A nonprofit publication of the Kentucky Center for Public Service Journalism

Jason Glass: KDE will continue to support LGBTQIA+ young people despite legislature’s approval of SB150

Last week, the Kentucky General Assembly rushed to pass Senate Bill 150, a sweeping and harmful piece of anti-LGBTQIA+ legislation.

Kentucky has real educational challenges that need the legislature’s attention. These include meaningful solutions to our educator and staff shortages, support to continue our academic recovery from the pandemic, funding stabilization due to ongoing health-related absences (COVID-19, RSV and flu), as well as urgent funding needs in growing school districts.

But instead of addressing the real issues impacting our schools, the legislature expended its time and energy on this stitched-together bill, taking aim directly at LGBTQIA+ people.

Jason Glass

The bill contains provisions that will put our young people at risk, have the government interfere with decisions between doctors, patients and families and puts Kentucky at the front of a series of similar hateful, ignorant and shameful efforts around the country.

These kinds of laws are often put in place when there is (effectively) a one-party government. Minority and marginalized groups are frequently targeted, demonized and persecuted – fueling more of the misplaced rage and ‘anger-tainment-based’ politics that makes it nearly impossible for Kentucky to live up to our state motto of “United We Stand.”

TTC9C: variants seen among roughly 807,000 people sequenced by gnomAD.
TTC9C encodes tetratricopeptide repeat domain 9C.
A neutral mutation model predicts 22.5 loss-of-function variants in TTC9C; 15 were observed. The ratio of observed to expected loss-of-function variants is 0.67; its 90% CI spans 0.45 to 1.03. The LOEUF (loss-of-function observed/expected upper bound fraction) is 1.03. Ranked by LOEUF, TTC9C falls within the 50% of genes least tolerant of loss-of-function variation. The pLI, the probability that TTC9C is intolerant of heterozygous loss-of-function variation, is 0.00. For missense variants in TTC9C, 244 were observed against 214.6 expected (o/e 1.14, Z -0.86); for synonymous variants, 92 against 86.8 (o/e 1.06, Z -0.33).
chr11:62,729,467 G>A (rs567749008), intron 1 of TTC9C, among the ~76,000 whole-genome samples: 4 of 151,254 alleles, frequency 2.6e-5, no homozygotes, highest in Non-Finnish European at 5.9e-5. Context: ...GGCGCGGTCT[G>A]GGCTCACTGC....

The Kentucky legislature is following a terrifying, but sadly well-trodden path. In the long run, history does not reflect well on such regimes. And in the short run, we should all be concerned about who will be their next target.

To LGBTQIA+ people and youth in Kentucky – we see you, we love you and we will continue to protect you from bullying and bigotry. In times like these, we all must find the courage to steady ourselves and be as brave as possible.

To that end, I am pleased to announce that this fall, the Kentucky Department of Education will be holding a summit in support of LGBTQIA+ people and youth. More details will be forthcoming. Our focus will be on resilience, connection and hope.

Jason Glass is commissioner (and “chief learner”) of the Kentucky Department of Education.

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  1. Tammy Weidinger says:

    Bravo Jason Glass! I am relieved to hear that our schools will not be shunning our LGBTQIA+ people and youth. Support, facts, understanding- these are what our youth need to navigate their emotions and feelings about their bodies and gender. You are not alone.

  2. Jamie says:

    All humans deserve dignity and all human life should be valued, regardless of how anyone feels.

    That’s the point, feelings are whimsical and should not be the basis of permanent changes in juveniles. All members of our society should be valued, but we must not confuse recognizing someone’s feelings over the truth about their body/gender.

    All children go through tough identity challenges as they grow up, some tougher than others. Affirming delusional feelings of a juvenile should be criminal.If, after maturation, someone wants to act in nontraditional ways, then so be it, it’s a free country.

  3. Kimberly Kennedy says:

    Just, thank you, Dr. Glass!

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